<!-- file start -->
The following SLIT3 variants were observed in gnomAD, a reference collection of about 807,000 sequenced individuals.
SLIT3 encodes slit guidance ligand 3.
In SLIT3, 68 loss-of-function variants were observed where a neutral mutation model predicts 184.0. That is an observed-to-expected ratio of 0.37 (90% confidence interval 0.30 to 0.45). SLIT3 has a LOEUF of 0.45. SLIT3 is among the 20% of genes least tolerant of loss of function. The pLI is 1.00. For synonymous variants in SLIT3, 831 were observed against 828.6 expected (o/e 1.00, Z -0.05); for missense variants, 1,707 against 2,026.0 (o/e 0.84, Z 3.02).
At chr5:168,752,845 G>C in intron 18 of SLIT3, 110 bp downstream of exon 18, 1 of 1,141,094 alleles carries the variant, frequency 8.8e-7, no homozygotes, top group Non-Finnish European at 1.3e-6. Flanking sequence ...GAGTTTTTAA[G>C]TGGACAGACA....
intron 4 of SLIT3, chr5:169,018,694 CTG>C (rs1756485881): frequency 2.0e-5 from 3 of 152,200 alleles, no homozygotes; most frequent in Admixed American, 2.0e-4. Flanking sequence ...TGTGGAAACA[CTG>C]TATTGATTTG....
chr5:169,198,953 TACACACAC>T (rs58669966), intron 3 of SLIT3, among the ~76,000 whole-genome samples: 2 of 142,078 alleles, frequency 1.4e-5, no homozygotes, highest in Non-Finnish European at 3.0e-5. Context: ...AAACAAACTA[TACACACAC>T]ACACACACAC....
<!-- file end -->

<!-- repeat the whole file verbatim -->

The following SLIT3 variants were observed in gnomAD, a reference collection of about 807,000 sequenced individuals.
SLIT3 encodes slit guidance ligand 3.
In SLIT3, 68 loss-of-function variants were observed where a neutral mutation model predicts 184.0. That is an observed-to-expected ratio of 0.37 (90% confidence interval 0.30 to 0.45). SLIT3 has a LOEUF of 0.45. SLIT3 is among the 20% of genes least tolerant of loss of function. The pLI is 1.00. For synonymous variants in SLIT3, 831 were observed against 828.6 expected (o/e 1.00, Z -0.05); for missense variants, 1,707 against 2,026.0 (o/e 0.84, Z 3.02).
At chr5:168,752,845 G>C in intron 18 of SLIT3, 110 bp downstream of exon 18, 1 of 1,141,094 alleles carries the variant, frequency 8.8e-7, no homozygotes, top group Non-Finnish European at 1.3e-6. Flanking sequence ...GAGTTTTTAA[G>C]TGGACAGACA....
intron 4 of SLIT3, chr5:169,018,694 CTG>C (rs1756485881): frequency 2.0e-5 from 3 of 152,200 alleles, no homozygotes; most frequent in Admixed American, 2.0e-4. Flanking sequence ...TGTGGAAACA[CTG>C]TATTGATTTG....
chr5:169,198,953 TACACACAC>T (rs58669966), intron 3 of SLIT3, among the ~76,000 whole-genome samples: 2 of 142,078 alleles, frequency 1.4e-5, no homozygotes, highest in Non-Finnish European at 3.0e-5. Context: ...AAACAAACTA[TACACACAC>T]ACACACACAC....